Taking out of the library “The Right Age”, by Mary Koutouzow Tolstoy (Macmillan, 1961), to get a break from reading and writing about cars, I had not got beyond page 28 before I encountered not only cars but motor racing, for, after a passing reference to the tragic motoring accidents which engulfed Isadora Duncan (but no mention of the Bugatti which strangled her), the authoress says of Edward Arnold, whom she met in New York before the First World War and fell in love with: “His hobby was car racing and for several years his big Fiat competed in the Vanderbilt Cup races, driven by Ralph de Palma. It was one of the excitements of our young lives to get up at four, start off with picnic baskets, and witness the race”.
This whetted my appetite, for I am never really tired of reading about motoring, but the book did not produce much more of note. It does, however, refer to the authoress’ 15-year-old sister being allowed to drive Arnold’s “many cars—I believe he had eight! It was reported to my mother that she was seen racing down the South Country Road, her long pale hair flying behind her. It was before the days of driving licences, but she was, in any case, forbidden to drive again”. Eventually Dorothy Tolstoy married Arnold and in 1910 they used their motor-yacht to go to the Yale-Harvard boat-race. Moreover, Dorothy was driving again, because to escape the anxiety of burglaries in the Port Washington district the sisters moved to their mother’s apartment in town: “We drove in Dorothy’s car, but the roads were in a frightful state that summer and I was badly shaken. Be that as it may, I lost my baby”.
Returning to Paris in the Provence the Tolstoys met Leblanc, Bleriot’s manager. This led to a desire to fly and at Pau in the winter of 1911 “I was delighted to find Leblanc and the Bleriot family at our hotel, the Gassion. I pestered the life out of the former. At last he consented and we drove out to the aerodrome. We made two turns of the field in his little open plane and the wind tore at my cheeks. It was one of the most thrilling experiences of my life. It was indeed such an event to have a passenger flight in the year 1911 that a photographer who happened to be present took pictures, and postcards of the flight were sold in the town with the inscription: Comtesse Tolstoy, passenger de Monsieur Leblanc“.
After references to meeting some of the 1914/18 pilots, the authoress having done hospital work on the Western Front, she recalls her first car, bought in France in 1926, in which she went for a holiday at St. Jean-de-Luz, accompanied by friends in another car. She says: “I have rarely enjoyed travel so much as I did that trip in our funny little car. The luggage was strapped on behind, there was no hood of any kind or any protection from sun or rain, and at least once a day there was a blow-out or engine trouble. We took it in turns to drive and travelled down on the National Route to Marseilles. Then we went to Beziers, Carcassone, Montpellier and Toulouse. It was exciting driving through the desert of Craux, les Alpilles, and visiting the strange little town of Les Baux”. But the following year “. . . We were able to travel in style. We had a Renault with a hood and an extra seat at the back which held luggage. There were fewer breakdowns and it was very enjoyable, but somehow it lacked the sense of adventure which we had experienced in the little Mathis”. This Renault was almost certainly an 8.3 or 9/15 cloverleaf. In 1932 the André Citroëns are mentioned, as at St. Moritz for the Christmas ski-ing with Charlie Chaplin, and in the summer of 1934 the authoress and her family went to Portugal: “We drove the latest Citroën down the Spanish coast. . . . When we started back to France the car broke down, but we managed to coast nearly all the way to the frontier”. There is a great deal more motoring about Europe, but the makes of the cars used are unfortunately not disclosed. As late as 1937 drivers who crossed the Gross Glockner Pass were given “a precious piece of paper” for pasting on the windscreen to show this difficult journey had been undertaken and no cars, apart from that belonging to the Duke of Spoleta, were permitted on the Island of Brioni, off the Istrian Peninsula.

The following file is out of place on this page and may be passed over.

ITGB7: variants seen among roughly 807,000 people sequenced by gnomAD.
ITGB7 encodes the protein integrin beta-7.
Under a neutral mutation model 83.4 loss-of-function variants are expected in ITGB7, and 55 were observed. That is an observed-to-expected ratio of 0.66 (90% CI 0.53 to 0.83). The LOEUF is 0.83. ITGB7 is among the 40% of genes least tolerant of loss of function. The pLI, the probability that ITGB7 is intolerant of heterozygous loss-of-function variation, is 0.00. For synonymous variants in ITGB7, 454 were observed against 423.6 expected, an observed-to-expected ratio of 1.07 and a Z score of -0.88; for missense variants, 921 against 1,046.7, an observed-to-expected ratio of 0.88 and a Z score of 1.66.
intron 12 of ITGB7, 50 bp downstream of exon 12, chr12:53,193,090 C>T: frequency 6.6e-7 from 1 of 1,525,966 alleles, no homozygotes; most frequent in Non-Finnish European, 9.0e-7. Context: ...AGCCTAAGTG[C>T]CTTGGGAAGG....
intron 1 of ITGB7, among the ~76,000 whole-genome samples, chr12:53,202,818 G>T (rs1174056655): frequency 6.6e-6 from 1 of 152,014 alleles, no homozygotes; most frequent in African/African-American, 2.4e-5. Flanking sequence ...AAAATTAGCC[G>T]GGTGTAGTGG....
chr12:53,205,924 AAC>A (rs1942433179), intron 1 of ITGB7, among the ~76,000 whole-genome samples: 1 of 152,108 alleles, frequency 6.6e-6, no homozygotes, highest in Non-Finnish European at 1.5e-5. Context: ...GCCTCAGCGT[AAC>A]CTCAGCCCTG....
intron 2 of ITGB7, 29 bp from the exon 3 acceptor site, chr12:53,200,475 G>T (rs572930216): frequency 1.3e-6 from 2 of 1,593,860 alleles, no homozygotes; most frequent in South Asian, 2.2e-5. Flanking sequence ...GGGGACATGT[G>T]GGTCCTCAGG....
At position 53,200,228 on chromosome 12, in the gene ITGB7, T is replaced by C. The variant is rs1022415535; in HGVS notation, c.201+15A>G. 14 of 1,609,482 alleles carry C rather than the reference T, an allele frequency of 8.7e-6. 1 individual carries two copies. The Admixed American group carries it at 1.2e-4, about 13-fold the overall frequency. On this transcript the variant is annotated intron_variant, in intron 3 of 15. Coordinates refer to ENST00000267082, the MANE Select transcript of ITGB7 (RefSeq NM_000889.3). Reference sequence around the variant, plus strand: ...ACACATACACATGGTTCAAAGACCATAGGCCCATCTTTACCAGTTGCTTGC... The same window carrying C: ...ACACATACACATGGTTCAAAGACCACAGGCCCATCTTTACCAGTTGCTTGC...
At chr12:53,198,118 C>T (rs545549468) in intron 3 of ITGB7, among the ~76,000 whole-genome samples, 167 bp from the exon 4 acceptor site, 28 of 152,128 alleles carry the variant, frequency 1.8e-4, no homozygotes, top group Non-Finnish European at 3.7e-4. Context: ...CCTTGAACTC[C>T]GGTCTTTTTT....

The book closes with the Second World War, at the beginning of which the authoress was again serving in France, with the S.A.F.F., in the Peugeot building on the Champs-Elysées. One journey from Paris to the front line at Mulhouse is described as undertaken “in a car driven by an English girl, Miss Rachel Ford”. The car was an “enormous Hispano-Suiza” which took the library, two dogs and three girls and which refused to start after a night in an open shed at Montbeliard until a garage-hand finally succeeded in getting it going, after which he asked permission to drive it around the town, “to see what it would be like to handle an Hispano-Suiza”. A week later, on this icy winter war-time journey, the car again refused to go, and “We gathered that the garage-hand had had too heavy a hand for the delicate gears”. It jibbed again at Chaumont and had to be abandoned, Miss Ford taking with her a part which had to be replaced, returning to the car a day or two later. Where is Miss Ford, who was able to drive a big Hispano-Suiza about war-ravaged France and find spares for it, now, I wonder, and does she still like large motor cars?
“The Right Age” concludes with a flight to America in a Clipper flying-boat and the return of the authoress to France, soon after D-Day. So much for my respite from reading about motoring and motor cars!—W. B.
Postscript.—It’s remarkable how cars figure in so many books—even in the autobiography of a 91-year-old parson who became Author of the Year in 1965 with his book, “The Concise British Flora”, there is a reference to the driving skill of Mr. D’Oyly Carte in his big car on the roads of Devonshire in 1909.